I sit in the corner of a bookstore coffee shop. People are scattered across the room, sitting at tables and chairs, clicking away on computers or tablets and chatting pleasantly. It’s cold this weekend. Flannels and jackets abound, slung over the backs of chairs or stuffed inside bulging backpacks.
There’s the inevitable loner reading by herself, tucked away in the corner, legs kicked over the arm of a chair while sipping her coffee.
Over behind the counter, baristas bustle around, sliding past each other, smiling and calling out names of those who have already ordered.
All of this happens effortlessly, without a thought.
In a world where day to day events are often seemingly arbitrary, it can be easy to tune out those around us. People that fill our lives come and go, all without appropriate introductions or descriptions of appearance. They walk in, sit down, and are promptly forgotten.
In our world, this is only natural. Though one should never tune out those around him, it is a simple fact that he will not be able to know every person he comes into contact with on a personal level.
However, when writing fiction, this should never be the case.
Fiction is about characters. It is all about characters. Worlds of His Own certainly has a world-building focus to it, but ultimately it doesn’t matter how interesting your world is. Without interesting characters that live in it, it will remain as flat as a scrap of paper.
It doesn’t matter if you have the landscape planned out to the acre, the economy of a sweeping social hierarchy, the civilization and culture of an epic. If nobody’s home, it’s futile.
Sure, there are main characters. That’s a start. But a world constitutes (usually) a place where millions, maybe even billions of people live. You need more than your main characters.
I’ll call these background characters. These are the people in the bookstore that sit and read and talk pleasantly to one another. These are the people we seem to tune out.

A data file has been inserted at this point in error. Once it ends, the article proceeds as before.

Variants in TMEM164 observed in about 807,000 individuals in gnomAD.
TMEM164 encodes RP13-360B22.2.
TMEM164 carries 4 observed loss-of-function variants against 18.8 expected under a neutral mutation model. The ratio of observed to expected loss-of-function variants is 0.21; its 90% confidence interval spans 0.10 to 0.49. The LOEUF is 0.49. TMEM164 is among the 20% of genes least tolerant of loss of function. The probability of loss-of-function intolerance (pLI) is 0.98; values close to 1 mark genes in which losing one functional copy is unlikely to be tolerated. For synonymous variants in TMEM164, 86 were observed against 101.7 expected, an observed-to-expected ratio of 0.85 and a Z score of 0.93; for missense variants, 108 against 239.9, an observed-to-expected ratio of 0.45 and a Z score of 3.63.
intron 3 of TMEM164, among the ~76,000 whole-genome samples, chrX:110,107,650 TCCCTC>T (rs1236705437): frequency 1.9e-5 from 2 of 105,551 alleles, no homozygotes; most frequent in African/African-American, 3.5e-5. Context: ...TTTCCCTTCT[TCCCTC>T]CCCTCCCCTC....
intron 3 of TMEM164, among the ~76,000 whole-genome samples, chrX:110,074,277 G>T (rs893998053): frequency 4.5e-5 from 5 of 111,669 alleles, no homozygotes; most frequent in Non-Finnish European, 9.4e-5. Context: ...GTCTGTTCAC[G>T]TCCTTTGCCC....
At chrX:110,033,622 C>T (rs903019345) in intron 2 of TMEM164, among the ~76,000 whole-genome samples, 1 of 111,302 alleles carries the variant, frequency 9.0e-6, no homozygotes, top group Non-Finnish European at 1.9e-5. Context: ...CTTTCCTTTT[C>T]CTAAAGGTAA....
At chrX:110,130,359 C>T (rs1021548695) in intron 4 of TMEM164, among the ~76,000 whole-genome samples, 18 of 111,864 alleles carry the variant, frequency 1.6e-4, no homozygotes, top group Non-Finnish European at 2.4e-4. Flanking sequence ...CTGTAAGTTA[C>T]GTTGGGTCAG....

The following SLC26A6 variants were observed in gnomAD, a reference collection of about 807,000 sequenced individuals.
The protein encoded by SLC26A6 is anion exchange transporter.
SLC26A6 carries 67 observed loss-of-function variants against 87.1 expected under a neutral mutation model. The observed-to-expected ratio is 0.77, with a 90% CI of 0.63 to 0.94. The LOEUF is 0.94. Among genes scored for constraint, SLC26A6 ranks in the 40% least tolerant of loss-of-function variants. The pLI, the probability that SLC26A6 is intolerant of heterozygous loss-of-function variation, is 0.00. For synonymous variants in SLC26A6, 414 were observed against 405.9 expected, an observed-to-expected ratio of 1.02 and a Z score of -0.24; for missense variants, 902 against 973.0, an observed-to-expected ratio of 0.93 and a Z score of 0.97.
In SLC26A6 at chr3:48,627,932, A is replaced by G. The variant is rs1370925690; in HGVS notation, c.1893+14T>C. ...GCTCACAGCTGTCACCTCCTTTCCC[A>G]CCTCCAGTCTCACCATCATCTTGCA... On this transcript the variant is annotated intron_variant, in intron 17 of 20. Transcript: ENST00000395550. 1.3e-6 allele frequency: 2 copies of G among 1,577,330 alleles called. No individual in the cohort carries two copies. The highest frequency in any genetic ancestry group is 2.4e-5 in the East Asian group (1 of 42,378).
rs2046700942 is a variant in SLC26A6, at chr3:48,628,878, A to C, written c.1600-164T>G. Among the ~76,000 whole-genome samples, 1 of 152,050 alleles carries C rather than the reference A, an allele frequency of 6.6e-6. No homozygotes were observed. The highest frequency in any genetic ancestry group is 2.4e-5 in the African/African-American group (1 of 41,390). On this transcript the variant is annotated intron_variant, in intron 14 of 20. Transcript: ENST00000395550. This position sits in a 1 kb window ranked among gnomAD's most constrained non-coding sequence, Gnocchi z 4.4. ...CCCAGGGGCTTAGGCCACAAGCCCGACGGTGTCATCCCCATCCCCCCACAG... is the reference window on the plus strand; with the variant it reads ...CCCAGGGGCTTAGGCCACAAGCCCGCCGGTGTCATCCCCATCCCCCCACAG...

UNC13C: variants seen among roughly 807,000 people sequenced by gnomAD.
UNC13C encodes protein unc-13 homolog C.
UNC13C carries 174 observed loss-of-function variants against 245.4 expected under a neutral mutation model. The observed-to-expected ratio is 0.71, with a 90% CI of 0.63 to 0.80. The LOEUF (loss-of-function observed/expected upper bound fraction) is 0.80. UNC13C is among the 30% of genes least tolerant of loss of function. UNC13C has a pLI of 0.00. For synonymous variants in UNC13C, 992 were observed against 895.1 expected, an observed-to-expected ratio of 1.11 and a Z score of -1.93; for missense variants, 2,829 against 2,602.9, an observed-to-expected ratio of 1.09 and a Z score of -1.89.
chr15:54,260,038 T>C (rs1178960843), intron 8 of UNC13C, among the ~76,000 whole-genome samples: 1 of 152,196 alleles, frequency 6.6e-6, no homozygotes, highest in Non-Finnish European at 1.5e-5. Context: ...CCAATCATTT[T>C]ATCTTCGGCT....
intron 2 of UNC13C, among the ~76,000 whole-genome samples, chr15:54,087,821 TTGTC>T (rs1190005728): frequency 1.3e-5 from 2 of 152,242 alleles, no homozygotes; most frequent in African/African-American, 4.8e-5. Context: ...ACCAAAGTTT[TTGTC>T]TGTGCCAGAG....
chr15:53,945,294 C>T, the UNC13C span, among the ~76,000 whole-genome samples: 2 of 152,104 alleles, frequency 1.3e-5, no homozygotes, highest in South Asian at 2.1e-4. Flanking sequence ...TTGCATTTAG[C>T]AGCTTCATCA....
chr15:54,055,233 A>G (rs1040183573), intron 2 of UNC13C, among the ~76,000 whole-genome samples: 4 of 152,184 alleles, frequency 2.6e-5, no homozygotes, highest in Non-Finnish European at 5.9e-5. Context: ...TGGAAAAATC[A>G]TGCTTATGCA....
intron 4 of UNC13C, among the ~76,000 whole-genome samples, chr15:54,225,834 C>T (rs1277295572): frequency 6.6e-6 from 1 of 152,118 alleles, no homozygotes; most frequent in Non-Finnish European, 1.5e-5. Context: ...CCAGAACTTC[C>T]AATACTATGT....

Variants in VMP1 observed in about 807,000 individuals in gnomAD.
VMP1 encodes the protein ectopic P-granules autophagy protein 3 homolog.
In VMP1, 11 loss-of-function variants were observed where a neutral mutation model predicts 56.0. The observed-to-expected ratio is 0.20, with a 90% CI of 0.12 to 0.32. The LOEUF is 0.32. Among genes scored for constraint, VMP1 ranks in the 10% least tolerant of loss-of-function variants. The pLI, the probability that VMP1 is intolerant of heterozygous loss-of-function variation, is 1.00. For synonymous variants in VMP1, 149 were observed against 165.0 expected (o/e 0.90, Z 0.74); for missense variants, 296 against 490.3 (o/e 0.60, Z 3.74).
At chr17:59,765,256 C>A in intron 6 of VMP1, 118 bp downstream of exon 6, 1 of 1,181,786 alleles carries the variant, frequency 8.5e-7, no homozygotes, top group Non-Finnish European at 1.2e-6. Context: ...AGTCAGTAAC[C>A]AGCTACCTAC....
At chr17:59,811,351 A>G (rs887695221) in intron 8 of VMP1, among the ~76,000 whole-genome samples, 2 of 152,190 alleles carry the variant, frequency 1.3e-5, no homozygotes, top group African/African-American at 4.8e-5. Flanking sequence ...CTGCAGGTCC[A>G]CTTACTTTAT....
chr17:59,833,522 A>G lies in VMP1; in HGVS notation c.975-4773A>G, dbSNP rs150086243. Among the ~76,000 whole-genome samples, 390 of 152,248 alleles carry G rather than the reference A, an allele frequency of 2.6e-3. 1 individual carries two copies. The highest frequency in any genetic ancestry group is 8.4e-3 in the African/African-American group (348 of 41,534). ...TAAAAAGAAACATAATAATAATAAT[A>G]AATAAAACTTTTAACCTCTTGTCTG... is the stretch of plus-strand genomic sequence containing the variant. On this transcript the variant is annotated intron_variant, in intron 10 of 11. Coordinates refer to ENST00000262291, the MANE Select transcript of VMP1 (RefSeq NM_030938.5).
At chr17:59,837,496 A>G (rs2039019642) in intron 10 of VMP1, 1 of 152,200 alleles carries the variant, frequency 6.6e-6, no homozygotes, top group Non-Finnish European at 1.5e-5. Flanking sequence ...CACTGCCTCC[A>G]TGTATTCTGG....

In a sense, these background characters are stereotypes. They have their “generic” interests, i.e. reading, homework, coffee, etc. A certain amount of stereotype is allowed, but really, every character should have some sort of personal history. A back story, if you will. They should have a reason for being where they are.
The question is then, how do we make these background characters interesting when they’re only in, you know, the background?
Here are a few ways:
Roz Morris says, “You don’t have to tell us every detail. Indeed, if you pay out background in glimpses, you can create more depth because you let the reader use intuition.”
The keyword here is intuition. Don’t underestimate its power. If you provide the right details, the reader will fill in the gaps. In other words, I don’t have to go through and describe the make, design, color, and shape of every single table in the coffee shop. Everyone has been to a coffee shop at some point in their life. They can picture what it looks like. Rather, I focus more on the people that are there. Those are details that will make the image stick and give those background characters their reasons for being there.
I’m coining this the “wide angled lens” approach. Think about it: when you walk into a bookstore, you take in everything first before sitting down. Even if it’s not completely intentional, you gain at least a minimal sense of the territory before focusing in on something specific.
Maybe your main character is meeting someone there. That’s fine, but he should at least be conscious of the fact that there are other people in the room besides himself and the person he’s meeting. If he’s not aware of this fact, there should be a reason why.
If you’re really having trouble thinking about what all is happening in your scene, here are 21 writing prompts to help you set it up.
I did this myself when I wrote this post. I sat in a bookstore and watched what happened around me. No, not everything came out in crystal clear detail, but I absorbed it all. Whether I knew how to perfectly describe every little thing that happened doesn’t matter. The scene is in my mind. I can always access it later. Who was doing what, what was their mood like, why were they there? These are all excellent details to pull from when you need them.
When you’re in the midst of the construction project called world building, I encourage you to make some interesting people too. Show us who they are, what they do, what they like, why they’re here. Remember: every character you create, in some way, shape, or form embodies a part of you.
And you are, after all, a very interesting person yourself.